And when it moved away again, the fuda came as well: slipping free of Komari’s skin as if it had only been blown there by a breeze, and caught for a moment before moving on. It fell away, in a graceful white flutter, seesawing its lazy way down through the air. Saburou watched it fall as though hypnotized – his mind too blown out, shattered, by everything that had happened tonight to even react. By pure reflex, he bent and caught it in his hand, before it could reach the floor.

Then straightened up, to look into Komari’s face again – just in time to see it change.

Pupils dimming, whites disappearing until his eyes were all that amber color. Until they seemed faintly to glow. Ears sharpening, cheekbones standing out in sharper relief, all the corners of his face becoming firmer and more angular. Lips peeling back into a slow, smirking snarl, that revealed rows of far too many very pointed teeth. It all happened so fast that Saburou almost couldn’t even be sure he had seen it.

And then Komari was gone.

There was no visible movement, not even any feeling of displaced air. It was as though he had just vanished from the spot – all except for the faint streak of pure amber-colored motion Saburou could just see whip around him, and whirled to see fly at the man behind him. Into him. Like an arrow.

Blood burst from the man’s chest. Showered from it, in a sudden crimson rain. A swath of huge, long, gouged claw-marks had appeared in his chest with no apparent intervening steps; Saburou gaped at them, totally numb, unable to believe what he was seeing. The man made a short, high sound, like a bird shot in the air, and staggered back, dropping his sword to clutch at his surely mortal wounds… and even as he did, Komari – if that thing even was still Komari – appeared beside him again. Crouched down, low, almost on all fours. When he – it – straightened up and craned up to the man’s neck, it did it like an animal standing on its hind legs: bracing its hands on the man’s shoulder, like front paws.

And bit the man’s neck open, in an arterial spray of blood, in one savage stroke.

The man’s body made a jarring crash as it hit the floor, instantly dead. His mask had come askew, revealing an anonymously handsome face, frozen in an expression of stunned horror, that meant nothing to Saburou at all. And Komari was already gone; only that streak of crackling, reddish motion again, vanishing out into the hall. It left behind marks wherever it went, though, Saburou saw – from what was now a state of total, brainless, paralytic shock. Sootily black pawprints, much larger than Komari’s actual feet, that stretched out in a line that looped uncaringly up the walls and ceiling as often as the floor.

He was already following before he could think. Before he could stop himself.

Running, splashing through pools of blood, his breath a thunder in his ears. Ahead of him, down the hallway, he had a perfect, framed view of the Komari-thing landing from nowhere on another masked man’s shoulders, carving his head from them with a cross-handed flash of claws and an expression of savage glee on its twisted face. Then gone again, the head dropping abandoned from its hands to thud on the floor and roll across it, the thing moving too fast to see except for the trails of where it had been, until it reached the next intruder. And the next. And the next. And the next.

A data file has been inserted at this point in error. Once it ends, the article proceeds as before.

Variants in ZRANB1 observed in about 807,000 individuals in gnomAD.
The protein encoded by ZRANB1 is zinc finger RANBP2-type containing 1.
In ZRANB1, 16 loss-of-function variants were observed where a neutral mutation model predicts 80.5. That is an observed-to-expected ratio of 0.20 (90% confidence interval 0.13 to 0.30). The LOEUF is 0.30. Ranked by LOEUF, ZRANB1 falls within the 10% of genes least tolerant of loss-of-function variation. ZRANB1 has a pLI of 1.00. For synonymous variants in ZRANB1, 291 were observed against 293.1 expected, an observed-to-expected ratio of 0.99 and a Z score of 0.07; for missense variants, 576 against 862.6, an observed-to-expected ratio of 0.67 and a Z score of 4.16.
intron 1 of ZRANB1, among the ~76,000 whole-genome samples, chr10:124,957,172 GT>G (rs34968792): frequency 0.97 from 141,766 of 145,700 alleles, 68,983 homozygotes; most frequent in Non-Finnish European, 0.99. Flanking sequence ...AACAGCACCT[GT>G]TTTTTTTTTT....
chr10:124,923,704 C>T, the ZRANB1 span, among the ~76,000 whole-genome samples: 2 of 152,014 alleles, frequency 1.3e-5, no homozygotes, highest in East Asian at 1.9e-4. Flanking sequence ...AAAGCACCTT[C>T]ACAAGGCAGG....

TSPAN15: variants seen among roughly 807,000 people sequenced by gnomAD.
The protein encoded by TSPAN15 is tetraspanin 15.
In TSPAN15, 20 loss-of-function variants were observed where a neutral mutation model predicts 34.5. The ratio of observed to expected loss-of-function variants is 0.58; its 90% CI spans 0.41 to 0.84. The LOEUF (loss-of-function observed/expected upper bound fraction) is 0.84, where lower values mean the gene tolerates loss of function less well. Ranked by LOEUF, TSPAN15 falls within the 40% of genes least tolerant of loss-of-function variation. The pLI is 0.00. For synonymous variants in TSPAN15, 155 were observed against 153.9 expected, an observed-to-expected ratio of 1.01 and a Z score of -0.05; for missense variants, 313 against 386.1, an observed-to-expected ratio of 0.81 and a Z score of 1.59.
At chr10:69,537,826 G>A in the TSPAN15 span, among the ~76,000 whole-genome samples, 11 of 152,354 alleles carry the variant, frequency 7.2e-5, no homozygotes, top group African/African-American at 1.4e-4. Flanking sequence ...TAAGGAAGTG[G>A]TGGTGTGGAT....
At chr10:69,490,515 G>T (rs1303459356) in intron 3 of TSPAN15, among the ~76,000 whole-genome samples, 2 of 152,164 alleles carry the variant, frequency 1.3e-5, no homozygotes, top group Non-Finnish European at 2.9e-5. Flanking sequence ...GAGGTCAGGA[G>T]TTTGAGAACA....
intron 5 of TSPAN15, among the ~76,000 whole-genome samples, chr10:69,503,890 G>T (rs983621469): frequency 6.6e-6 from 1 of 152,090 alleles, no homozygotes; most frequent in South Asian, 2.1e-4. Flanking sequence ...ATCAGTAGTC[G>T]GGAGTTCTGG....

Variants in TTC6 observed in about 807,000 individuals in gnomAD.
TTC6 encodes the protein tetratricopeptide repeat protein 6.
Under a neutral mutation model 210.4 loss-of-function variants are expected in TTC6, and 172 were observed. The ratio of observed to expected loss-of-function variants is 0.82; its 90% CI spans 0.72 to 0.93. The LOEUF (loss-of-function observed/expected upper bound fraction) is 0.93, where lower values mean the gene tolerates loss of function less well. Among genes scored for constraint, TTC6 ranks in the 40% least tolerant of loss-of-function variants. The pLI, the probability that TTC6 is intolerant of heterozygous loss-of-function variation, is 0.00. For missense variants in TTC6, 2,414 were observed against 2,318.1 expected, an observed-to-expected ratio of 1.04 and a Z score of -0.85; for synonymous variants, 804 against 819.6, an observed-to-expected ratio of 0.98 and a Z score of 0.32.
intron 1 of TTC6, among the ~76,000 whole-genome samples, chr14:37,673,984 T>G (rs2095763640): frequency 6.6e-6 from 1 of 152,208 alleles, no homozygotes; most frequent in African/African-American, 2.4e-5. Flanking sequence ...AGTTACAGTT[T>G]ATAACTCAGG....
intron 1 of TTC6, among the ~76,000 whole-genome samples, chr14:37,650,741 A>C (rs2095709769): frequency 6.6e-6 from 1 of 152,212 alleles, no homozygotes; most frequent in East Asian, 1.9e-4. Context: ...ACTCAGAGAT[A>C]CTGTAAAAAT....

Until at last Saburou caught up to it, in the kitchens, at the far end of the main hall from the abbot’s quarters; tearing into the center of an armed quintet before they could even see it, even do more than register surprise at seeing Saburou burst through the doorway behind it. One man’s arm had been torn clean off from a ragged bloody stump before he could so much as move, and while the others were still turning their heads toward his shocked, drilling scream, the thing that had been Komari had thrown the severed arm into their faces hard enough to knock them stumbling back. Then he was cutting across them, low, all a flail of wild limbs and flashing long claws: opening their guts to spill out in steaming piles on the floor. They barely even had time to know what was happening: only looking down, in broken trembling astonishment, at the long ropes of their own insides, before collapsing in a ragged stagger. And then the Komari-thing had jumped onto the heap of their writhing, flailing bodies, ripping into them with its teeth, coming up snapping at bloody flaps of things Saburou couldn’t identify and didn’t want to. It was painted in blood, up its arms and all down its robes and all around its mouth and chin. Its sharp teeth were stained entirely red, when they showed in flashes. Some stupid, incoherent part of Saburou managed to think what a mess this all was, how long of scrubbing it was going to take to clean up.

He could smell smoke from somewhere, though: thick and heavy. Could hear the distant crackling of flame.

As soon as the men lay dead, the thing that had been Komari seemed to lose interest again: pulling up off their bodies, again with such liquid awful speed it was somehow nauseating. It lifted its head, pitched forward in its feral crouch, seeming to sniff the air for a moment. Then finally looked around, behind it… and fixed its eyes directly on Saburou.

They both only stood like that, for seconds that could’ve been an eternity: Saburou staring into the alien, animal eyes of the thing that had somehow become of his only friend.